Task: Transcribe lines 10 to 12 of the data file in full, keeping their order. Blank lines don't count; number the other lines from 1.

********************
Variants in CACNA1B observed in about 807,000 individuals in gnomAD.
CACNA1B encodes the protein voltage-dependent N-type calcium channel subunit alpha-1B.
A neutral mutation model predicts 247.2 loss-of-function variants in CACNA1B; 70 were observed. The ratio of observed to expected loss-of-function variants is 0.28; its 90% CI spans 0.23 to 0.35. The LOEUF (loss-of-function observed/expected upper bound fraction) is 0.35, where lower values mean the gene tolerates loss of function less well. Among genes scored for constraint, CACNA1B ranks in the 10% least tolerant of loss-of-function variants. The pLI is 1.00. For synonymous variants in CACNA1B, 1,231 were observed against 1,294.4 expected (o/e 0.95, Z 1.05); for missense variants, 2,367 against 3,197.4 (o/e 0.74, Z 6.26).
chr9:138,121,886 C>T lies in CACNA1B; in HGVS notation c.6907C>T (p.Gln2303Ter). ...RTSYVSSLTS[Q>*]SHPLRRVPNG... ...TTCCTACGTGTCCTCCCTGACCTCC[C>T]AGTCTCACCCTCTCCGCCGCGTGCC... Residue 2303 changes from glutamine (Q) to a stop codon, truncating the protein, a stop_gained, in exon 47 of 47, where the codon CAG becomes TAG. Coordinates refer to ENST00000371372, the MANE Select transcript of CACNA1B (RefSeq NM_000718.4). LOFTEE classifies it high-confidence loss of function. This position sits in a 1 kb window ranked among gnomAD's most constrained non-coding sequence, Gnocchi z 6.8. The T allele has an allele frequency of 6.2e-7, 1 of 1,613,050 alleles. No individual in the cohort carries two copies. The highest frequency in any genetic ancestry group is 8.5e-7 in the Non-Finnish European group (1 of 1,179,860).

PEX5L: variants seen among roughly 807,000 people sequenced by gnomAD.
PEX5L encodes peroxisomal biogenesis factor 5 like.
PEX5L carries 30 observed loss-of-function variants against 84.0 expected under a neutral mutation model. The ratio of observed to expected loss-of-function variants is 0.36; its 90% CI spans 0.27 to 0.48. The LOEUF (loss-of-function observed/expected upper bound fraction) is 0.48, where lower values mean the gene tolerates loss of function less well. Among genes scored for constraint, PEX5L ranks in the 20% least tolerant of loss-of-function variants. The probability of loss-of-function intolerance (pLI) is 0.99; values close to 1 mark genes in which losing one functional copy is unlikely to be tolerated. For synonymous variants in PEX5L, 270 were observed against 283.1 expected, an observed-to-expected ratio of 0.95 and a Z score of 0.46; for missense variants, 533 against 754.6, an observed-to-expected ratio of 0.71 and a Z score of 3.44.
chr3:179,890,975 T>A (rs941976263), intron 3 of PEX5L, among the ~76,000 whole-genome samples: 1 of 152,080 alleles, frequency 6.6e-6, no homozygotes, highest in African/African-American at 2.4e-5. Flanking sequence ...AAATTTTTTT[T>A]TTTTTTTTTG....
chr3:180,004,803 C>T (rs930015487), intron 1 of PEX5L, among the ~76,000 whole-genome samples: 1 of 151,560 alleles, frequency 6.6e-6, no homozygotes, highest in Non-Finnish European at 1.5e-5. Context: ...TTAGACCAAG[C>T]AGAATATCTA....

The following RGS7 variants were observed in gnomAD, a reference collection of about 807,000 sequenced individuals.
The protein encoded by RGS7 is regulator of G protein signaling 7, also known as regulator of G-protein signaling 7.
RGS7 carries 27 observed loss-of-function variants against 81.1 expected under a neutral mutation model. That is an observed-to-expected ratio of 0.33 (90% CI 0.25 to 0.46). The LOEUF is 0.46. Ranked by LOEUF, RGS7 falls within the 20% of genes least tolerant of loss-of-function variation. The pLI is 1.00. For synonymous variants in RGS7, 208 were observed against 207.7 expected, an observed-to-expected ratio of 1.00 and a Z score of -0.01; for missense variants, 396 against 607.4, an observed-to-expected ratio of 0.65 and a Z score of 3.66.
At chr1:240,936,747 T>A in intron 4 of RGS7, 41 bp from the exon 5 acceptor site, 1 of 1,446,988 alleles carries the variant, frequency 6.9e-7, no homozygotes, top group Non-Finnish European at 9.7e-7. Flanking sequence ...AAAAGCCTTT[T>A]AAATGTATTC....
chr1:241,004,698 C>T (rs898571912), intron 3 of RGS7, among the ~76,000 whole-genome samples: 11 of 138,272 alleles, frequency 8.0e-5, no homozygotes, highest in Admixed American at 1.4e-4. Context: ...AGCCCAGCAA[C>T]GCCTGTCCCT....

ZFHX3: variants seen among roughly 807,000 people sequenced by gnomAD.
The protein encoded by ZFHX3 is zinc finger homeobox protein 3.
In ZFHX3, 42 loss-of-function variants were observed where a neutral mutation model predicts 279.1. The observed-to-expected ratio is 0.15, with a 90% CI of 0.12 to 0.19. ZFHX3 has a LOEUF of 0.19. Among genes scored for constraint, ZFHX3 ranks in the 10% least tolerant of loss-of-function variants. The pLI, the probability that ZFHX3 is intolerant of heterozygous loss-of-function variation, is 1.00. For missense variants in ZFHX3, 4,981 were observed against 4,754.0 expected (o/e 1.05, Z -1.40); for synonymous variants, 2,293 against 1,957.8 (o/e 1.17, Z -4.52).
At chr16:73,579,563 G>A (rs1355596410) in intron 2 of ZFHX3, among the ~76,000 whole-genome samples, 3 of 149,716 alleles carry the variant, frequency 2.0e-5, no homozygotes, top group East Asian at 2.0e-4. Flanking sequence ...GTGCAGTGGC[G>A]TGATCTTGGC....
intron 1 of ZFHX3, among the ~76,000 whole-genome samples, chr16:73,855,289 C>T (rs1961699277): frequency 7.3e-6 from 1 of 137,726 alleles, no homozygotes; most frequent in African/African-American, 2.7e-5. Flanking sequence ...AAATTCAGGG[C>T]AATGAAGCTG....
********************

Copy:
The following RGS7 variants were observed in gnomAD, a reference collection of about 807,000 sequenced individuals.
The protein encoded by RGS7 is regulator of G protein signaling 7, also known as regulator of G-protein signaling 7.
RGS7 carries 27 observed loss-of-function variants against 81.1 expected under a neutral mutation model. That is an observed-to-expected ratio of 0.33 (90% CI 0.25 to 0.46). The LOEUF is 0.46. Ranked by LOEUF, RGS7 falls within the 20% of genes least tolerant of loss-of-function variation. The pLI is 1.00. For synonymous variants in RGS7, 208 were observed against 207.7 expected, an observed-to-expected ratio of 1.00 and a Z score of -0.01; for missense variants, 396 against 607.4, an observed-to-expected ratio of 0.65 and a Z score of 3.66.